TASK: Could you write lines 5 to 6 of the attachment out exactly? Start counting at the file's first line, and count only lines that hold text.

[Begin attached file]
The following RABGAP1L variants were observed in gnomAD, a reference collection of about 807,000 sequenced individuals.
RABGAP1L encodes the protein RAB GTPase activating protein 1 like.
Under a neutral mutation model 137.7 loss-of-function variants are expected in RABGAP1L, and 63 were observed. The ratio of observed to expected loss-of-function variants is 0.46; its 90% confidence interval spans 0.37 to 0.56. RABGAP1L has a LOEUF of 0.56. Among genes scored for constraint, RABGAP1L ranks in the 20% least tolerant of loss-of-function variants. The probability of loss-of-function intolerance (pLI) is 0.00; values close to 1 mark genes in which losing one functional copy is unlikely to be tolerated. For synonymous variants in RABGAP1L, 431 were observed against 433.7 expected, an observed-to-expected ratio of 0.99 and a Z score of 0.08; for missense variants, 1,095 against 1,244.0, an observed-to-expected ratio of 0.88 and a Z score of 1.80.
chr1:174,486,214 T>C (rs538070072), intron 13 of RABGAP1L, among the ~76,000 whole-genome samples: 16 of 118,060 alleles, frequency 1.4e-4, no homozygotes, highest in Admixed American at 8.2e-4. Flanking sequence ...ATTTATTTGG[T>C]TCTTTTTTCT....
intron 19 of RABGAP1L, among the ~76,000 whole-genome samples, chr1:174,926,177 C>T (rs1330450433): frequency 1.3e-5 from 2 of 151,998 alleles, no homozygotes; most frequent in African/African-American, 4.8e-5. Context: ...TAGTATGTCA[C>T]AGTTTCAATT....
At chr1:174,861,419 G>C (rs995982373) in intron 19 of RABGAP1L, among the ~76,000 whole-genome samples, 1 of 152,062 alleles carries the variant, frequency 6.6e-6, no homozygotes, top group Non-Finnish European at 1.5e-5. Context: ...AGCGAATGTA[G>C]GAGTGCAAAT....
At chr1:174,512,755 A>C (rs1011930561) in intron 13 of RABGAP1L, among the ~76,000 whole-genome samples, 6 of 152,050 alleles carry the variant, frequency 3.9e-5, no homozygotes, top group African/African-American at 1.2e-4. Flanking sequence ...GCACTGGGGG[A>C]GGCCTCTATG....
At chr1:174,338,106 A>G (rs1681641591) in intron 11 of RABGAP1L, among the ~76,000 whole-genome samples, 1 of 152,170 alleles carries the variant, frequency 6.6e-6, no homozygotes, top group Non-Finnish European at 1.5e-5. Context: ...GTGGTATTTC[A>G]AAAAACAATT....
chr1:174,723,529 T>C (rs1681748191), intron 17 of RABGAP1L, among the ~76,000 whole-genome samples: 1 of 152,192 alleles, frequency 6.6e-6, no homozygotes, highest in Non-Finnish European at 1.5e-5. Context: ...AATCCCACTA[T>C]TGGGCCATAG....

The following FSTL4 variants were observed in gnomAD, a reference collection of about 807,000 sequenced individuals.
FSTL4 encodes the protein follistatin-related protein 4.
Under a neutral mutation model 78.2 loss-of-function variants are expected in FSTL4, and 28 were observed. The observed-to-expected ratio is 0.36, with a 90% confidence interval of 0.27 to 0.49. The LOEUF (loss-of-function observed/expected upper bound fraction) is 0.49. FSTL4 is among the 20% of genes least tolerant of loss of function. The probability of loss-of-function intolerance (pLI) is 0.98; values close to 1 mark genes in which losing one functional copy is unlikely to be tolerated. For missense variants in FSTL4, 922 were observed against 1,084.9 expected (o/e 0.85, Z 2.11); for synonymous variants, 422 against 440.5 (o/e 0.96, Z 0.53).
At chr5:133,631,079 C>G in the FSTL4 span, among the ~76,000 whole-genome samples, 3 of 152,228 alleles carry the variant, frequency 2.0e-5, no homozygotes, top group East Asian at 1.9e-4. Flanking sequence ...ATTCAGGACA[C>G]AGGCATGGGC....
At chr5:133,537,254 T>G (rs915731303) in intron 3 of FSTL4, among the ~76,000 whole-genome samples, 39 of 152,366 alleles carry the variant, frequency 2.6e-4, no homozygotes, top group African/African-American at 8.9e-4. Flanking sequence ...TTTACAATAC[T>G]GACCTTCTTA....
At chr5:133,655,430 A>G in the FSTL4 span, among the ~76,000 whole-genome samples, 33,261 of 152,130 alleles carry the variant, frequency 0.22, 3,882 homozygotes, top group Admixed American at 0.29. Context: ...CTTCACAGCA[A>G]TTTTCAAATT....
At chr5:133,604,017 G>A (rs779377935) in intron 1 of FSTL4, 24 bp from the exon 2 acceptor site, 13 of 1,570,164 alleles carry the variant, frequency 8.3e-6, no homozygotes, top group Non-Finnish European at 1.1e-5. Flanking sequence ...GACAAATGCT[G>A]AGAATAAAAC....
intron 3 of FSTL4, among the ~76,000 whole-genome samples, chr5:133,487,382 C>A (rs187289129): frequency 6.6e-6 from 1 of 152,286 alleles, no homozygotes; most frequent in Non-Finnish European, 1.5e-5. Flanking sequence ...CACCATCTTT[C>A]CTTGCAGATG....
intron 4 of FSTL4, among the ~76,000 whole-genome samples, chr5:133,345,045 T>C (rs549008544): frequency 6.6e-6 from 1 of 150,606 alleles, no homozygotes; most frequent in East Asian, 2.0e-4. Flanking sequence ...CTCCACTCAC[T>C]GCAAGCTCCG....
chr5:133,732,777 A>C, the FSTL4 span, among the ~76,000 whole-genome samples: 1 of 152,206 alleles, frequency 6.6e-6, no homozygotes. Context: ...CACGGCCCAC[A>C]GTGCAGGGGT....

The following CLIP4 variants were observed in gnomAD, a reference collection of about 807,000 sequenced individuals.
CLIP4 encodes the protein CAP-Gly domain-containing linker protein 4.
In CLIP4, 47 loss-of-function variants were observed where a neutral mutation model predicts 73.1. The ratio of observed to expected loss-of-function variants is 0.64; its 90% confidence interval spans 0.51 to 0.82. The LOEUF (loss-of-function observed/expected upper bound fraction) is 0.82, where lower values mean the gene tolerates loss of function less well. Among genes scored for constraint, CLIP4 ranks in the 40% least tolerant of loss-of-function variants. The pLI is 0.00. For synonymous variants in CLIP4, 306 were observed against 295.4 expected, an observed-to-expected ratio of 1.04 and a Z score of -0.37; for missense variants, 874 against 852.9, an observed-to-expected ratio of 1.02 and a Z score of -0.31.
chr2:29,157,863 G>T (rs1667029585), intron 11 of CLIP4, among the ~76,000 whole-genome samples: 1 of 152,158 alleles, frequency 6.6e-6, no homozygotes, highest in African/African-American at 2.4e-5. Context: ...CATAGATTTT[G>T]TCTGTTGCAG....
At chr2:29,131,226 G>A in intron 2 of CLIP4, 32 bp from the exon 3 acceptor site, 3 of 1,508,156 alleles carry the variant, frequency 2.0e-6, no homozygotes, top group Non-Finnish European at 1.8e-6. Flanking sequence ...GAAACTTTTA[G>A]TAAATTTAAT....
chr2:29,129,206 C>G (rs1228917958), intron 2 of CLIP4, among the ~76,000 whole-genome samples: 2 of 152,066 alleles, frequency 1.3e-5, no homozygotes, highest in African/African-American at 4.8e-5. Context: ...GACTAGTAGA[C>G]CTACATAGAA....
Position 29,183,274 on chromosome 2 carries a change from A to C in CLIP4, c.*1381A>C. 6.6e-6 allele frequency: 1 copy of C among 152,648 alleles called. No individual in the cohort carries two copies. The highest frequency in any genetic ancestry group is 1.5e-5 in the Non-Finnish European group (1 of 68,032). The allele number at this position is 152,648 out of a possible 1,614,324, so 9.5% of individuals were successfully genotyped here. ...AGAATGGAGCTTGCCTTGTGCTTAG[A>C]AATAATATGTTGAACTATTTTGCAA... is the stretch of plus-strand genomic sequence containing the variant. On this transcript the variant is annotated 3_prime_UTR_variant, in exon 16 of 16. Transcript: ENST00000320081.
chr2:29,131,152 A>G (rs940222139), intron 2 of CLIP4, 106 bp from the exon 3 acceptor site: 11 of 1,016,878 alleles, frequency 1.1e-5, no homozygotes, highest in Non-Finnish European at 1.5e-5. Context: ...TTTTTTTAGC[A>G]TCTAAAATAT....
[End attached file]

intron 19 of RABGAP1L, among the ~76,000 whole-genome samples, chr1:174,926,177 C>T (rs1330450433): frequency 1.3e-5 from 2 of 151,998 alleles, no homozygotes; most frequent in African/African-American, 4.8e-5. Context: ...TAGTATGTCA[C>T]AGTTTCAATT....
At chr1:174,861,419 G>C (rs995982373) in intron 19 of RABGAP1L, among the ~76,000 whole-genome samples, 1 of 152,062 alleles carries the variant, frequency 6.6e-6, no homozygotes, top group Non-Finnish European at 1.5e-5. Context: ...AGCGAATGTA[G>C]GAGTGCAAAT....